But far from being frightened, the leaders of many African countries are welcoming Moscow with open arms, so much so that representatives of 43 of Africa’s U.N. member states attended a summit hosted by Russian President Vladimir Putin this past week.
Russia claims some $12.5 billion in new deals were signed off at the summit, with the likes of arms, minerals, nuclear power and even mercenaries all up for grabs.
This is a push that’s got many in Washington worried.
Nile Gardiner of the Washington, D.C. think-tank the Heritage Foundation told Fox News: “The United States should be hugely concerned about growing Russian influence in Africa.
“Moscow’s goals are diametrically opposed to those of Washington. American leadership in Africa matters and the Trump Administration must make every effort to ensure that the U.S. voice is heard on the African continent, challenging the rising presence of both Putin’s Russia and Xi Jinping’s China.”
Russia appears, another analyst says, to be making deals while the U.S. sleeps on the job. President Trump has yet to visit the African continent, but Putin has. Russia hosted this past week’s massive jamboree in the resort city of Sochi. The U.S. has only invited a few African leaders for State visits. Sergei Lavrov, Russia’s foreign minister, has already made two major trips to Africa this year. There’s been no corresponding visit recently by a high-level member of the Trump administration.
Whilst the U.S. has a respectable $60 billion annual trade figure with Africa, in the past five years Russia has more than doubled its sales here to $20 billion. And it's rising rapidly. And Russia is Africa’s biggest arms supplier.
Moscow pushes Russia’s so-called struggle credentials. Putin this past week said his country has “supported the struggle of the peoples of Africa against colonialism, racism and apartheid.”
And Russia doesn’t ask questions about a country’s human right record or governance, whereas the U.S. does when offering deals.
Almost 20 of Africa’s 54 U.N.-recognized countries have signed nuclear cooperation deals with Russia. Questions are being asked about whether countries like Ethiopia should be considering paying Russia colossal amounts to build a nuclear power plant, when comparatively rich South Africa nixed a deal with Moscow, because of fears it could collapse the country’s economy.
Egypt, despite economic concerns, has contracted Russia’s nuclear company Rosatom to build a 4,800MW nuclear power plant on the Mediterranean coast.
Elsewhere, Russia is building a $30 million oil refinery in Uganda.
The Kremlin has its eyes on Mozambique’s huge natural gas reserves. Russia has canceled the country’s historical debt with Moscow but has also supplied military hardware, including helicopters, to help curb an Islamist insurgency which also has its eyes on the profits from the gas.
Moscow even has its own state-linked bank, the International Agency of Sovereign Development, set up this year, and is busy with $2.5 billion worth of deals with Niger, Guinea, and the Democratic Republic of Congo.
Russia is also involved in a wide level of not-so-public military and political activities. Earlier this month a Russian military cargo plane, an Antonov, believed to be involved in gun-running, went down in that country killing several Russian “observers.” Some 22 Russians, said to be covertly assisting rebels in Libya, were also recently killed. A Russian citizen is officially a national security adviser to the president of the Central African Republic, and Russian mercenaries are reported to be fighting anti-government rebels in the country. Not much is known though – three journalists who went to investigate have been murdered.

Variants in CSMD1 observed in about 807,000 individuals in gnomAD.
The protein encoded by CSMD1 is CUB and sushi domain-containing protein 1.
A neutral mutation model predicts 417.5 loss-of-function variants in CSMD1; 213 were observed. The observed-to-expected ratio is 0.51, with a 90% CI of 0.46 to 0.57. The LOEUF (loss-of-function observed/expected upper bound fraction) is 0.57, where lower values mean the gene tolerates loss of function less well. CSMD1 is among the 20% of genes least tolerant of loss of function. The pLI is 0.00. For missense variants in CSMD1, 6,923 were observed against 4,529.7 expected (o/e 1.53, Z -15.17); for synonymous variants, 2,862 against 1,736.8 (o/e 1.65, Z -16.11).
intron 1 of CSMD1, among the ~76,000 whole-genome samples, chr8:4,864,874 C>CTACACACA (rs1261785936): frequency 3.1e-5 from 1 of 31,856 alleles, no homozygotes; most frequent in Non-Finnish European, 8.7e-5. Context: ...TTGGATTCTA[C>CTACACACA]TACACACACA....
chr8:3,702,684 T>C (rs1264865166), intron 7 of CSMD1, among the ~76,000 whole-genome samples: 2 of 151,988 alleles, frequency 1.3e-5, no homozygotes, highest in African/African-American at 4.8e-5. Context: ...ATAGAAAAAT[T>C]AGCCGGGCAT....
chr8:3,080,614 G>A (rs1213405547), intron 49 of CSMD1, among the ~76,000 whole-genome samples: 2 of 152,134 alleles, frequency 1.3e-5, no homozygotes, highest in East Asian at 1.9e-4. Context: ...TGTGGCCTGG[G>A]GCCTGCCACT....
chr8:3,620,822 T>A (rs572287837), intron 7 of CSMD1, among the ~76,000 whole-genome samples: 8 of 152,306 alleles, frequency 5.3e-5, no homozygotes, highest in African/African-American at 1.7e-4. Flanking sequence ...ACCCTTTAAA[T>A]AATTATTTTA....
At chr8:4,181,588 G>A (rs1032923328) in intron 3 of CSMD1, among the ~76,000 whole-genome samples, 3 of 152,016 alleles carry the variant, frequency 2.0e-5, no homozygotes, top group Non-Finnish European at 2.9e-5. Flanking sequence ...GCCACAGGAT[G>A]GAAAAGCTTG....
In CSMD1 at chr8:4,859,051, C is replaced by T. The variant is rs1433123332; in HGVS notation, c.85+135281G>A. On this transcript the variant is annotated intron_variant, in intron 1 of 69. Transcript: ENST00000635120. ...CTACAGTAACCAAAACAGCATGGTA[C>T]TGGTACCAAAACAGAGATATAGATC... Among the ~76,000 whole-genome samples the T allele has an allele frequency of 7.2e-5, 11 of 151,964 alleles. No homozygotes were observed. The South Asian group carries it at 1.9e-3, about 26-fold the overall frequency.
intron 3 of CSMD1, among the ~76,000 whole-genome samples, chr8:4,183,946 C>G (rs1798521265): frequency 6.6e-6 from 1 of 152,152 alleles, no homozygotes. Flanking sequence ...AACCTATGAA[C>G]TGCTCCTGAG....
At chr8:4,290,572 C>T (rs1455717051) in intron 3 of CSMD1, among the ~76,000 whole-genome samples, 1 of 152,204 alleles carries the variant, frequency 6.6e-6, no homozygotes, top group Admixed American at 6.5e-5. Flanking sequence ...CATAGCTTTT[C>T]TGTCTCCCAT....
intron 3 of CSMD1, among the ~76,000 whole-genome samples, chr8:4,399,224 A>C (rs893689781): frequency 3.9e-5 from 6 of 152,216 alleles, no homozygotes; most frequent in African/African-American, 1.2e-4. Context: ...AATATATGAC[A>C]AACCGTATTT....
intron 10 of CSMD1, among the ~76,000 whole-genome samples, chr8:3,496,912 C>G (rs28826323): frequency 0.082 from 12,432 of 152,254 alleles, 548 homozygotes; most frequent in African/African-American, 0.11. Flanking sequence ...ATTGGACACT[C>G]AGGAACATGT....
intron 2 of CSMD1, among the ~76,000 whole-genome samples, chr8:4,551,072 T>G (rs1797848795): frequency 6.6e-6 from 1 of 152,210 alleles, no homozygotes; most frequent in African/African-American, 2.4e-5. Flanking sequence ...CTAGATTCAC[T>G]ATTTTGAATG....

Putin has also become embroiled in a feud between Egypt and Ethiopia, who are fighting over a project to dam the Nile river, which the former believes could threaten its water supply.
The Kremlin is into soft mind games, too, even trying to get into the heads of children in the Central African Republic, and persuade them that it’s OK if Russians fight the rebels there. To do so, a cartoon with a child’s voice shows the people of the CAR, represented by a lion, being beaten up by rebels, represented -- as in Disney’s “The Lion King” -- as loathsome hyenas. A big bear comes to the rescue, shown on a map coming from Russia, to scare the hyenas off … and everyone lives happily ever after.
But when it comes to military deals, the Russians are coldly blatant. And perhaps to show how they can offer support if necessary, just this past week, Moscow sent two strategic nuclear-capable Tupolev T-160 bomber aircraft , the Russian equivalent of the US B1, all the way non-stop to South Africa. Not quietly either – the local media were invited for a press junket to witness these frankly frightening aircraft touching down on African soil for the first time.
South Africa’s President Cyril Ramaphosa believes Russia is not offering classic foreign aid, but rather “foreign direct investment.” Ramaphosa denied this week that African nations “are being led into a debt trap as they take up loans to fund a number of projects in their countries.”
He added it’s now a case of “partnership for mutual benefit, on development, trade and investment cooperation and integration.”
The U.S. is believed to be watching the cozying-up of Russia with South Africa. The two countries jointly launched a satellite that watches over the African continent, with military information obtained from it being shared between Moscow and Pretoria.
Dr. Stephen Blank, writing for Geopolitical Intelligence Services, said: “Russia is returning to Africa and using all of its instruments of power, including diplomacy, energy investments, and scholarships to Russian universities for African students.”